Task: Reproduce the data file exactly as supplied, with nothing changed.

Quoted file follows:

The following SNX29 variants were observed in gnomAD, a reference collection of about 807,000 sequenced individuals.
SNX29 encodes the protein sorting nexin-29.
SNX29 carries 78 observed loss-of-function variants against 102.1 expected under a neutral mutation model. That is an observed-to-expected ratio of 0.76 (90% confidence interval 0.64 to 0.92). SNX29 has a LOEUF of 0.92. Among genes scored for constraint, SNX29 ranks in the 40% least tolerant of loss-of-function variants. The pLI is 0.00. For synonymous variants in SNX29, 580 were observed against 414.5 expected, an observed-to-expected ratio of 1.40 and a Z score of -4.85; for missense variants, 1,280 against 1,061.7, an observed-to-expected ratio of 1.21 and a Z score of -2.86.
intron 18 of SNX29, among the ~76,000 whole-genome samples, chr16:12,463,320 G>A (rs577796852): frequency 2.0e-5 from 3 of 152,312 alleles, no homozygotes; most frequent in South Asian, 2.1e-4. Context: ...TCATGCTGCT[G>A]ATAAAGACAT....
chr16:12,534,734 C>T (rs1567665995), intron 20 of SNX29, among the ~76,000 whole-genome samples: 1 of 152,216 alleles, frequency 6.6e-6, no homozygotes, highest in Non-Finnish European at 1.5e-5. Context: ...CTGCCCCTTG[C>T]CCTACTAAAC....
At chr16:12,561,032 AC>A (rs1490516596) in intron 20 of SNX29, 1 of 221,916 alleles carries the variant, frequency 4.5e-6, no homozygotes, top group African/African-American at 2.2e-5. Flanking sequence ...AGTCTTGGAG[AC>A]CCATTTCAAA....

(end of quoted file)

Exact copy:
The following SNX29 variants were observed in gnomAD, a reference collection of about 807,000 sequenced individuals.
SNX29 encodes the protein sorting nexin-29.
SNX29 carries 78 observed loss-of-function variants against 102.1 expected under a neutral mutation model. That is an observed-to-expected ratio of 0.76 (90% confidence interval 0.64 to 0.92). SNX29 has a LOEUF of 0.92. Among genes scored for constraint, SNX29 ranks in the 40% least tolerant of loss-of-function variants. The pLI is 0.00. For synonymous variants in SNX29, 580 were observed against 414.5 expected, an observed-to-expected ratio of 1.40 and a Z score of -4.85; for missense variants, 1,280 against 1,061.7, an observed-to-expected ratio of 1.21 and a Z score of -2.86.
intron 18 of SNX29, among the ~76,000 whole-genome samples, chr16:12,463,320 G>A (rs577796852): frequency 2.0e-5 from 3 of 152,312 alleles, no homozygotes; most frequent in South Asian, 2.1e-4. Context: ...TCATGCTGCT[G>A]ATAAAGACAT....
chr16:12,534,734 C>T (rs1567665995), intron 20 of SNX29, among the ~76,000 whole-genome samples: 1 of 152,216 alleles, frequency 6.6e-6, no homozygotes, highest in Non-Finnish European at 1.5e-5. Context: ...CTGCCCCTTG[C>T]CCTACTAAAC....
At chr16:12,561,032 AC>A (rs1490516596) in intron 20 of SNX29, 1 of 221,916 alleles carries the variant, frequency 4.5e-6, no homozygotes, top group African/African-American at 2.2e-5. Flanking sequence ...AGTCTTGGAG[AC>A]CCATTTCAAA....